Air Transport World

Configuring by cyberspace.(buyer-furnished equipment management)

It's almost as much fun as a computer game. But playing with it can save tons of paper, thousands of hours and millions of dollars for airframe manufacturers, their suppliers and their airline customers.

It is Electronic Configuration Management, an automated method of defining and controlling the specification for an individual airplane. ECM has been in use by Boeing customers for about three years and began appearing on the PC screens of Douglas Aircraft customers June 30. Airbus says it is "working on" a similar system.

To be precise, only the first phase of the Douglas system, an application that allows airlines to track and manage the buyerfurnished equipment (BFE) going aboard their airplanes, is available. BFE typically includes seats, galleys, avionics and miscellaneous cabin and cockpit equipment. Full ECM capability is scheduled to be in place by the end of the year, says Steven Iverson, who sports the hefty title of business unit manager-change management, design and technology.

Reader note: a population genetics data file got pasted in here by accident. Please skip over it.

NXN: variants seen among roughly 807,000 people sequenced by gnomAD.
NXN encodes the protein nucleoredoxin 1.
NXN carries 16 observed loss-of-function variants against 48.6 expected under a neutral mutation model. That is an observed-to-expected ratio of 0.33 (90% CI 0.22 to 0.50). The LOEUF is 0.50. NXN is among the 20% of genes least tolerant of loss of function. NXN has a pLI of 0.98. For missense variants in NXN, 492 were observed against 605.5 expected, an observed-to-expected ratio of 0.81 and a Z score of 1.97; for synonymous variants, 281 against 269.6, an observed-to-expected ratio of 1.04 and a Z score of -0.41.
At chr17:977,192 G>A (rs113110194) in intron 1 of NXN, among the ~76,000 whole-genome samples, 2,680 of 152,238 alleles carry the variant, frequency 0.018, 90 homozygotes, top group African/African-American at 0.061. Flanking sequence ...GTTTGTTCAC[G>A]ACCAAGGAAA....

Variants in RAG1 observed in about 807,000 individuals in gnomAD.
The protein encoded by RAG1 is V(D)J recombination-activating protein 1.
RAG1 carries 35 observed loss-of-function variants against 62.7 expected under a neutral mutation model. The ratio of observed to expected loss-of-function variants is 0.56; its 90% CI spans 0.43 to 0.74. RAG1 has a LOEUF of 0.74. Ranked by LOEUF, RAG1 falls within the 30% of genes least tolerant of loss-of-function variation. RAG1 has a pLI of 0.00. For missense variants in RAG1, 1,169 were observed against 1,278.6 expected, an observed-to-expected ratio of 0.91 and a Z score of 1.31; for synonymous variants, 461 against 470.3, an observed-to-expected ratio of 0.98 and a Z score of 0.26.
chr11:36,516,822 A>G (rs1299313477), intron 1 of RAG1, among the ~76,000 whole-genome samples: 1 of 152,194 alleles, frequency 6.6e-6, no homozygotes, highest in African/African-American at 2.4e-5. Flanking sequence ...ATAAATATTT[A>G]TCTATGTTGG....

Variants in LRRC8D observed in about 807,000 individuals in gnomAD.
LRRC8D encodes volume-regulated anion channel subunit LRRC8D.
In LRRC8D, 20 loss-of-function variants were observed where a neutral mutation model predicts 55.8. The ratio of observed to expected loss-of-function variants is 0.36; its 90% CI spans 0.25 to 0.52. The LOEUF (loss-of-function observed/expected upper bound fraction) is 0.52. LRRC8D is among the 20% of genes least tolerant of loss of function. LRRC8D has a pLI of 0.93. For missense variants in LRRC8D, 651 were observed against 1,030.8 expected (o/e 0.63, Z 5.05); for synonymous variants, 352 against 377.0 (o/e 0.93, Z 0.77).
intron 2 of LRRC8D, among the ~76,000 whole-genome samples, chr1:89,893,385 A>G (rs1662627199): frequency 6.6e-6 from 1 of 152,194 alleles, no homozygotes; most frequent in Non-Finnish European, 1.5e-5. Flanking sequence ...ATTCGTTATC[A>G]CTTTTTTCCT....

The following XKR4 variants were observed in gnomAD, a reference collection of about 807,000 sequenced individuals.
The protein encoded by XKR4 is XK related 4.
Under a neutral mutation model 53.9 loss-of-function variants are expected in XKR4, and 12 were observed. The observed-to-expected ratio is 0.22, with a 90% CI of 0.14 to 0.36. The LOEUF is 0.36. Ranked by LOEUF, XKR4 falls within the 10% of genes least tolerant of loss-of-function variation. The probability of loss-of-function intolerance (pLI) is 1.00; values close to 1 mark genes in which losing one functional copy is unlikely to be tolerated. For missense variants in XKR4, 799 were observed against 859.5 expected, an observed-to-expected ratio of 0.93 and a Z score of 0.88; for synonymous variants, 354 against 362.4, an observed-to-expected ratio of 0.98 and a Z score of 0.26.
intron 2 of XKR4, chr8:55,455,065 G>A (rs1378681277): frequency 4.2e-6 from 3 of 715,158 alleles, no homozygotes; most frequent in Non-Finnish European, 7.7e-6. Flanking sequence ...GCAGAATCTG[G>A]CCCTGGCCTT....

At the beginning of 1994, Douglas-- spurred largely by customer demand-- contracted with EDS Management Consuiting Services to streamline its BFE processes. The EDS solution was a client/server, open-system architecture that ties together the standalone computer systems of eight separate Douglas organizations, ranging from engineering to spares management, says EDS Principal Waseem Sheikh.

Its beauty, says Sheikh, is that there was no need to dehost or reprogram the information in the old computers. The new system simply combines all of the myriad data on parts and their status into reports that allow the user to "become a total BFE administrator."

Airlines can tap into the system via modem or the Internet from any IBM-compatible 486 PC with Windows. …

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